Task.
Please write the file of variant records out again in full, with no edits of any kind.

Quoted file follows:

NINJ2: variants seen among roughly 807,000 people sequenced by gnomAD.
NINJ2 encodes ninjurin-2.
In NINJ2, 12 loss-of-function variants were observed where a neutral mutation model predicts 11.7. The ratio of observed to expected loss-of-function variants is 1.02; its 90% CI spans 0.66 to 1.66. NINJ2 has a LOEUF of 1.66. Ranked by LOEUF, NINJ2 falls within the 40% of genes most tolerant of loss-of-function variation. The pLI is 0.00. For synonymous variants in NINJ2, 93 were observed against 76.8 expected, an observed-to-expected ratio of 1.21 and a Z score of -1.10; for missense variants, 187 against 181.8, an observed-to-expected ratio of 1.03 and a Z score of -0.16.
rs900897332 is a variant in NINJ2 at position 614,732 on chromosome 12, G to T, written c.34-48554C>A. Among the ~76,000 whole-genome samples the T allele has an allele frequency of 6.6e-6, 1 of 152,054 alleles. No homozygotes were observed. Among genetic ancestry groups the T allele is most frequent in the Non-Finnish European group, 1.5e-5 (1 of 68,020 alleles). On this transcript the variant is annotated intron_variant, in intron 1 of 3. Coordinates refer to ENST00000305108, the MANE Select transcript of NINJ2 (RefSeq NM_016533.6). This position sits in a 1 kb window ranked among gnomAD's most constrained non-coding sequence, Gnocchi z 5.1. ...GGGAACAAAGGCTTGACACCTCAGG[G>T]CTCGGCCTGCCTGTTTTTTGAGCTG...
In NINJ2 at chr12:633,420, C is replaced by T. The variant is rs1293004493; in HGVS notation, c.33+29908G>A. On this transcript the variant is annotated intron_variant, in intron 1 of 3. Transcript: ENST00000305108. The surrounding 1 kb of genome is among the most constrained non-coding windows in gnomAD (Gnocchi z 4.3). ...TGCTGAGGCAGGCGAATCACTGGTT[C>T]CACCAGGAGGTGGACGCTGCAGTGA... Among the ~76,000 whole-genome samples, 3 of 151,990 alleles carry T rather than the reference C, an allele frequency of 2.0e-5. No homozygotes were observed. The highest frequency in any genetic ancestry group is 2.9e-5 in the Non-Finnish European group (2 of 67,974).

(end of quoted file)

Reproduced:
NINJ2: variants seen among roughly 807,000 people sequenced by gnomAD.
NINJ2 encodes ninjurin-2.
In NINJ2, 12 loss-of-function variants were observed where a neutral mutation model predicts 11.7. The ratio of observed to expected loss-of-function variants is 1.02; its 90% CI spans 0.66 to 1.66. NINJ2 has a LOEUF of 1.66. Ranked by LOEUF, NINJ2 falls within the 40% of genes most tolerant of loss-of-function variation. The pLI is 0.00. For synonymous variants in NINJ2, 93 were observed against 76.8 expected, an observed-to-expected ratio of 1.21 and a Z score of -1.10; for missense variants, 187 against 181.8, an observed-to-expected ratio of 1.03 and a Z score of -0.16.
rs900897332 is a variant in NINJ2 at position 614,732 on chromosome 12, G to T, written c.34-48554C>A. Among the ~76,000 whole-genome samples the T allele has an allele frequency of 6.6e-6, 1 of 152,054 alleles. No homozygotes were observed. Among genetic ancestry groups the T allele is most frequent in the Non-Finnish European group, 1.5e-5 (1 of 68,020 alleles). On this transcript the variant is annotated intron_variant, in intron 1 of 3. Coordinates refer to ENST00000305108, the MANE Select transcript of NINJ2 (RefSeq NM_016533.6). This position sits in a 1 kb window ranked among gnomAD's most constrained non-coding sequence, Gnocchi z 5.1. ...GGGAACAAAGGCTTGACACCTCAGG[G>T]CTCGGCCTGCCTGTTTTTTGAGCTG...
In NINJ2 at chr12:633,420, C is replaced by T. The variant is rs1293004493; in HGVS notation, c.33+29908G>A. On this transcript the variant is annotated intron_variant, in intron 1 of 3. Transcript: ENST00000305108. The surrounding 1 kb of genome is among the most constrained non-coding windows in gnomAD (Gnocchi z 4.3). ...TGCTGAGGCAGGCGAATCACTGGTT[C>T]CACCAGGAGGTGGACGCTGCAGTGA... Among the ~76,000 whole-genome samples, 3 of 151,990 alleles carry T rather than the reference C, an allele frequency of 2.0e-5. No homozygotes were observed. The highest frequency in any genetic ancestry group is 2.9e-5 in the Non-Finnish European group (2 of 67,974).